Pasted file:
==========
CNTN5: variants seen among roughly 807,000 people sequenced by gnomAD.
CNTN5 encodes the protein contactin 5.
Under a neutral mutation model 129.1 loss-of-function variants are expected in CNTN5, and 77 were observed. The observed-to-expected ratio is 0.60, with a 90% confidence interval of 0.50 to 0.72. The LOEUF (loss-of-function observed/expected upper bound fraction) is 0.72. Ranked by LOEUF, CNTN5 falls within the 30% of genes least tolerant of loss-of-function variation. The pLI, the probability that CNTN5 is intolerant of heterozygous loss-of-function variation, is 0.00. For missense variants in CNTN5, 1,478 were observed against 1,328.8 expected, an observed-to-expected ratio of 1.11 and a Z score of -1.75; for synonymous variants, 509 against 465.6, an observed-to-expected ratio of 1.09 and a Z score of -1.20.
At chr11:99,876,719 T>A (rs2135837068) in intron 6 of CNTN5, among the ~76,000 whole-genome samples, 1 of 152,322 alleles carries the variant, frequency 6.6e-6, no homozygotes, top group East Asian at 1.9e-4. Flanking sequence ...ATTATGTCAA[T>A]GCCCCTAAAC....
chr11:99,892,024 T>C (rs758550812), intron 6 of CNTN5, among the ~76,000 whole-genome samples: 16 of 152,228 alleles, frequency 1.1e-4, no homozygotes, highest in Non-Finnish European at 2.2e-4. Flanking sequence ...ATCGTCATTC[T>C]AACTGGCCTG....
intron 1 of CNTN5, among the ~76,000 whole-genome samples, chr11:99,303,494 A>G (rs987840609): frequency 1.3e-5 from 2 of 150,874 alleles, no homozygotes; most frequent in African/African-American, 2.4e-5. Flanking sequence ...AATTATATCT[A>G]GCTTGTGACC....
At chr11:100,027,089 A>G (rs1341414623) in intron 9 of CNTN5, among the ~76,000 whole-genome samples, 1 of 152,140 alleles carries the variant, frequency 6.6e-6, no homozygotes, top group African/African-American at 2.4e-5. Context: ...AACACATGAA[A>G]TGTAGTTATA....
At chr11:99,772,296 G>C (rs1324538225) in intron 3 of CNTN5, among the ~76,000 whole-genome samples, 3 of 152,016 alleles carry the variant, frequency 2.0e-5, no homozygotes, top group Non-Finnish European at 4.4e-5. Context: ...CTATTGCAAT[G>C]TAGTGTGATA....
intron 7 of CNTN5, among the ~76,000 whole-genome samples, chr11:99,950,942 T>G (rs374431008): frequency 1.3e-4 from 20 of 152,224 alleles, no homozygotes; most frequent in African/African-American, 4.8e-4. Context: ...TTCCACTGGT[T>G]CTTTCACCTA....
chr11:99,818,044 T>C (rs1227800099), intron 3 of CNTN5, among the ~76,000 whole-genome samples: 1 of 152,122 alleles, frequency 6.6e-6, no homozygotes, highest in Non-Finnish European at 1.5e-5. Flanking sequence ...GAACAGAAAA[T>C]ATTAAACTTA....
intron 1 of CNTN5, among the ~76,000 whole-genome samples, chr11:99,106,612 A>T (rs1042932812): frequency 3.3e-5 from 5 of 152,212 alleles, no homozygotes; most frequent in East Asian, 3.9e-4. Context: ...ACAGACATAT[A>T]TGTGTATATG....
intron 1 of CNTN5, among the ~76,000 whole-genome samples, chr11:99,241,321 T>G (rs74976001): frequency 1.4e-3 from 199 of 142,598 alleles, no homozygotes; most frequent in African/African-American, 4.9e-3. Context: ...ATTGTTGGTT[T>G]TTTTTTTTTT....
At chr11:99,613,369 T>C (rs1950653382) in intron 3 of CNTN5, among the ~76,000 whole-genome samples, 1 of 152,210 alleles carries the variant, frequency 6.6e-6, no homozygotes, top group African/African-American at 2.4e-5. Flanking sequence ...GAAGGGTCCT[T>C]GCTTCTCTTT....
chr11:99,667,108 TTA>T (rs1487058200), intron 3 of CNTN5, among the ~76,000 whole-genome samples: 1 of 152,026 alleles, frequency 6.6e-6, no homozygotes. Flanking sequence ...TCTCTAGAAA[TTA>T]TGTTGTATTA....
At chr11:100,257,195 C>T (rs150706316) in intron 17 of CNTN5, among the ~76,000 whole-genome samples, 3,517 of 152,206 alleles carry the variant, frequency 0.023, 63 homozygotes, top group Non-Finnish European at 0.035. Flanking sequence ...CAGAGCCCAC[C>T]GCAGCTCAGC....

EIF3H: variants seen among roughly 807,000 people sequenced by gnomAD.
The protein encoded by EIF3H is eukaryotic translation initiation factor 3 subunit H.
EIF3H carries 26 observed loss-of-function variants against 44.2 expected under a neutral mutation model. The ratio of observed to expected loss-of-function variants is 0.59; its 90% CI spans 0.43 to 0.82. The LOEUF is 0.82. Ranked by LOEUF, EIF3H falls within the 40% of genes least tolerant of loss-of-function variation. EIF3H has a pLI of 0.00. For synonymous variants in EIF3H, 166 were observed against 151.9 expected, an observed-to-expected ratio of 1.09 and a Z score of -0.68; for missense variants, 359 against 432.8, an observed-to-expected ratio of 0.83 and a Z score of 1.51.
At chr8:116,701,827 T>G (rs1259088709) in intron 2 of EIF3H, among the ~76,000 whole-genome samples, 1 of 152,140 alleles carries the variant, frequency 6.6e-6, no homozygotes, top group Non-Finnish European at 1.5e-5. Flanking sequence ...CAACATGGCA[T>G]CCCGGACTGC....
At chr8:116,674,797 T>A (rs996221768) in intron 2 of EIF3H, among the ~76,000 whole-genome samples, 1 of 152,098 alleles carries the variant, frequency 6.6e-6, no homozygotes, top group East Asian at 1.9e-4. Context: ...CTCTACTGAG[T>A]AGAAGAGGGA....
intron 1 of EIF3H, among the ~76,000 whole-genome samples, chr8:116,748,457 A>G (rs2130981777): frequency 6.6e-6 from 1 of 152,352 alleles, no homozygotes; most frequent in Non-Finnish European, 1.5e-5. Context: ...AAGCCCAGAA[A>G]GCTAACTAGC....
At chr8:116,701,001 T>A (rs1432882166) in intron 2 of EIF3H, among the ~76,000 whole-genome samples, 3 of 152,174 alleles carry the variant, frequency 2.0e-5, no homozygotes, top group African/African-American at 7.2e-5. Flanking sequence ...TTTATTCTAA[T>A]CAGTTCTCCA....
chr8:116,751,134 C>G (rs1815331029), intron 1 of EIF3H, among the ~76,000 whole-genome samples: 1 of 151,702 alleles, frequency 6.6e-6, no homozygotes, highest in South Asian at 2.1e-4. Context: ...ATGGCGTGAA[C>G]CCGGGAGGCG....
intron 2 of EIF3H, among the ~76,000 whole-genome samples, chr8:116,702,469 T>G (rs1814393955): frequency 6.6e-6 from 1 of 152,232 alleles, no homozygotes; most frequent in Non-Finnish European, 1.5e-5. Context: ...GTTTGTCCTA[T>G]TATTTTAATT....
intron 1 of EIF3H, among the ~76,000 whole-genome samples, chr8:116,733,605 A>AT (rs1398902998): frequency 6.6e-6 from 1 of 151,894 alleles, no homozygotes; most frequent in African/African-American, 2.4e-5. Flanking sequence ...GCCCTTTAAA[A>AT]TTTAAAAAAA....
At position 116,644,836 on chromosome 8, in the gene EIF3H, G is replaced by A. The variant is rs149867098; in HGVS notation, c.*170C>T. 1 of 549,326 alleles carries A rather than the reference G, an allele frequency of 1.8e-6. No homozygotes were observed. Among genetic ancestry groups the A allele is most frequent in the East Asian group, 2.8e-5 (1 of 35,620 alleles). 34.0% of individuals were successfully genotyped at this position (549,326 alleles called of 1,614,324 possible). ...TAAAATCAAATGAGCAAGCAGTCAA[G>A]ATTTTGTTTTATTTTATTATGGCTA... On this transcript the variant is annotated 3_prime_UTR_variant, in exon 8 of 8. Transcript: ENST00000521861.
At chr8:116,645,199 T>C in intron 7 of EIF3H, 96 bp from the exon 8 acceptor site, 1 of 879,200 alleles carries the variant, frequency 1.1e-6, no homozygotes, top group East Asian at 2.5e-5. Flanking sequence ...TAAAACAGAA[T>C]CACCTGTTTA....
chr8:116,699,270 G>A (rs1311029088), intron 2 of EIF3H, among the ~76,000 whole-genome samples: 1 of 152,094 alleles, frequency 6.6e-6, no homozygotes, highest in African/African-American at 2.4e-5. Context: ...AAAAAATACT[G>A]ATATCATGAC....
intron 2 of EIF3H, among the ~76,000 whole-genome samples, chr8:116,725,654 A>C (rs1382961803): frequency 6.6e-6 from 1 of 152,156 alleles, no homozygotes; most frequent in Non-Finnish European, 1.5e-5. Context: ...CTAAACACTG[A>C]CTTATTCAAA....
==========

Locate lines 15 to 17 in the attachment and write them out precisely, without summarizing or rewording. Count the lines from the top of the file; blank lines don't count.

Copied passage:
At chr11:100,257,195 C>T (rs150706316) in intron 17 of CNTN5, among the ~76,000 whole-genome samples, 3,517 of 152,206 alleles carry the variant, frequency 0.023, 63 homozygotes, top group Non-Finnish European at 0.035. Flanking sequence ...CAGAGCCCAC[C>T]GCAGCTCAGC....

EIF3H: variants seen among roughly 807,000 people sequenced by gnomAD.
The protein encoded by EIF3H is eukaryotic translation initiation factor 3 subunit H.